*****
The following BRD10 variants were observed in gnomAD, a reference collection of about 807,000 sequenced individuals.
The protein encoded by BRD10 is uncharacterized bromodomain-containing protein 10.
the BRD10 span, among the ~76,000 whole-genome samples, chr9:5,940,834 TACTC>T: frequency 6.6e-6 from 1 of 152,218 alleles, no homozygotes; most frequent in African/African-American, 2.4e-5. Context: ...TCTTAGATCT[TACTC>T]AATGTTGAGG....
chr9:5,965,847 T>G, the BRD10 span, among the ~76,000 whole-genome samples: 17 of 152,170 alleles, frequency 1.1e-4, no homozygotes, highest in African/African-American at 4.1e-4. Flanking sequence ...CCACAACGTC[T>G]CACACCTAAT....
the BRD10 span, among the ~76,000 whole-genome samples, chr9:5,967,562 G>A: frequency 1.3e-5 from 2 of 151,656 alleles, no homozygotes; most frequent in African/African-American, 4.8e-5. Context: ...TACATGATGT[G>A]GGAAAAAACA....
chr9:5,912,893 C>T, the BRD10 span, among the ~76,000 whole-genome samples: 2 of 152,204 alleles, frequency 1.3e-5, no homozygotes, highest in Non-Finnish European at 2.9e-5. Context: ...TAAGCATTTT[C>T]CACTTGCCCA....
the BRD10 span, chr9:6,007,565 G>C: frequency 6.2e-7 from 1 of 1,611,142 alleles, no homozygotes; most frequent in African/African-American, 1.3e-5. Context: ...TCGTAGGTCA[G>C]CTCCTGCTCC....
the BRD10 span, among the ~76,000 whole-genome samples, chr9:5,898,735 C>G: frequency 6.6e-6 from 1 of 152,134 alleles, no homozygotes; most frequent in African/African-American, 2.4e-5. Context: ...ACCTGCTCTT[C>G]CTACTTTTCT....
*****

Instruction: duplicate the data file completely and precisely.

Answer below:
The following BRD10 variants were observed in gnomAD, a reference collection of about 807,000 sequenced individuals.
The protein encoded by BRD10 is uncharacterized bromodomain-containing protein 10.
the BRD10 span, among the ~76,000 whole-genome samples, chr9:5,940,834 TACTC>T: frequency 6.6e-6 from 1 of 152,218 alleles, no homozygotes; most frequent in African/African-American, 2.4e-5. Context: ...TCTTAGATCT[TACTC>T]AATGTTGAGG....
chr9:5,965,847 T>G, the BRD10 span, among the ~76,000 whole-genome samples: 17 of 152,170 alleles, frequency 1.1e-4, no homozygotes, highest in African/African-American at 4.1e-4. Flanking sequence ...CCACAACGTC[T>G]CACACCTAAT....
the BRD10 span, among the ~76,000 whole-genome samples, chr9:5,967,562 G>A: frequency 1.3e-5 from 2 of 151,656 alleles, no homozygotes; most frequent in African/African-American, 4.8e-5. Context: ...TACATGATGT[G>A]GGAAAAAACA....
chr9:5,912,893 C>T, the BRD10 span, among the ~76,000 whole-genome samples: 2 of 152,204 alleles, frequency 1.3e-5, no homozygotes, highest in Non-Finnish European at 2.9e-5. Context: ...TAAGCATTTT[C>T]CACTTGCCCA....
the BRD10 span, chr9:6,007,565 G>C: frequency 6.2e-7 from 1 of 1,611,142 alleles, no homozygotes; most frequent in African/African-American, 1.3e-5. Context: ...TCGTAGGTCA[G>C]CTCCTGCTCC....
the BRD10 span, among the ~76,000 whole-genome samples, chr9:5,898,735 C>G: frequency 6.6e-6 from 1 of 152,134 alleles, no homozygotes; most frequent in African/African-American, 2.4e-5. Context: ...ACCTGCTCTT[C>G]CTACTTTTCT....